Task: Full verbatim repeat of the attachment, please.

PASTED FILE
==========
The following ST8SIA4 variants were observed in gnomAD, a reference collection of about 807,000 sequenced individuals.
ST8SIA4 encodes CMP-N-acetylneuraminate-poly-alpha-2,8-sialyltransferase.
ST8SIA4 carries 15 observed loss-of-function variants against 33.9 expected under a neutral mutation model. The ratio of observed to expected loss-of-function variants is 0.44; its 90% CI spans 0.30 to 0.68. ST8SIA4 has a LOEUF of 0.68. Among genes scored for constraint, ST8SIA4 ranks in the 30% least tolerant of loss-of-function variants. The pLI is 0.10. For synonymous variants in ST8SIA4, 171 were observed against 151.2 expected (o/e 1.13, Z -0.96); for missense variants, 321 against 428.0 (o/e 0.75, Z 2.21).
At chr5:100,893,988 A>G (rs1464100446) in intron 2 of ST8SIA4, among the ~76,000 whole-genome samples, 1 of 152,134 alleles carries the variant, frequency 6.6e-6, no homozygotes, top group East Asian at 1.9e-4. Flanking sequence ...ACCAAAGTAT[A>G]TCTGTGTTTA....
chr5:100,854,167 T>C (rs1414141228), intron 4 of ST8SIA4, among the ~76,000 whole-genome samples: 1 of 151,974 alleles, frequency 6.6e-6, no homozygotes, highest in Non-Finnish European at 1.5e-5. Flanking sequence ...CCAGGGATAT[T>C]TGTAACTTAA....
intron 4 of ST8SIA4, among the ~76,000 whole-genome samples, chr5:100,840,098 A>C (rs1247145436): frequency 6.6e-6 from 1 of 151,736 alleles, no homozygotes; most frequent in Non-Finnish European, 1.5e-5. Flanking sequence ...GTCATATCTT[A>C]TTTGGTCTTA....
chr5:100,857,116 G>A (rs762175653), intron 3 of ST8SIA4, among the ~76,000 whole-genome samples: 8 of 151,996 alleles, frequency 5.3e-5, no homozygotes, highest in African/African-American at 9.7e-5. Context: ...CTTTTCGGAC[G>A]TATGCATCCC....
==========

The following ST8SIA4 variants were observed in gnomAD, a reference collection of about 807,000 sequenced individuals.
ST8SIA4 encodes CMP-N-acetylneuraminate-poly-alpha-2,8-sialyltransferase.
ST8SIA4 carries 15 observed loss-of-function variants against 33.9 expected under a neutral mutation model. The ratio of observed to expected loss-of-function variants is 0.44; its 90% CI spans 0.30 to 0.68. ST8SIA4 has a LOEUF of 0.68. Among genes scored for constraint, ST8SIA4 ranks in the 30% least tolerant of loss-of-function variants. The pLI is 0.10. For synonymous variants in ST8SIA4, 171 were observed against 151.2 expected (o/e 1.13, Z -0.96); for missense variants, 321 against 428.0 (o/e 0.75, Z 2.21).
At chr5:100,893,988 A>G (rs1464100446) in intron 2 of ST8SIA4, among the ~76,000 whole-genome samples, 1 of 152,134 alleles carries the variant, frequency 6.6e-6, no homozygotes, top group East Asian at 1.9e-4. Flanking sequence ...ACCAAAGTAT[A>G]TCTGTGTTTA....
chr5:100,854,167 T>C (rs1414141228), intron 4 of ST8SIA4, among the ~76,000 whole-genome samples: 1 of 151,974 alleles, frequency 6.6e-6, no homozygotes, highest in Non-Finnish European at 1.5e-5. Flanking sequence ...CCAGGGATAT[T>C]TGTAACTTAA....
intron 4 of ST8SIA4, among the ~76,000 whole-genome samples, chr5:100,840,098 A>C (rs1247145436): frequency 6.6e-6 from 1 of 151,736 alleles, no homozygotes; most frequent in Non-Finnish European, 1.5e-5. Flanking sequence ...GTCATATCTT[A>C]TTTGGTCTTA....
chr5:100,857,116 G>A (rs762175653), intron 3 of ST8SIA4, among the ~76,000 whole-genome samples: 8 of 151,996 alleles, frequency 5.3e-5, no homozygotes, highest in African/African-American at 9.7e-5. Context: ...CTTTTCGGAC[G>A]TATGCATCCC....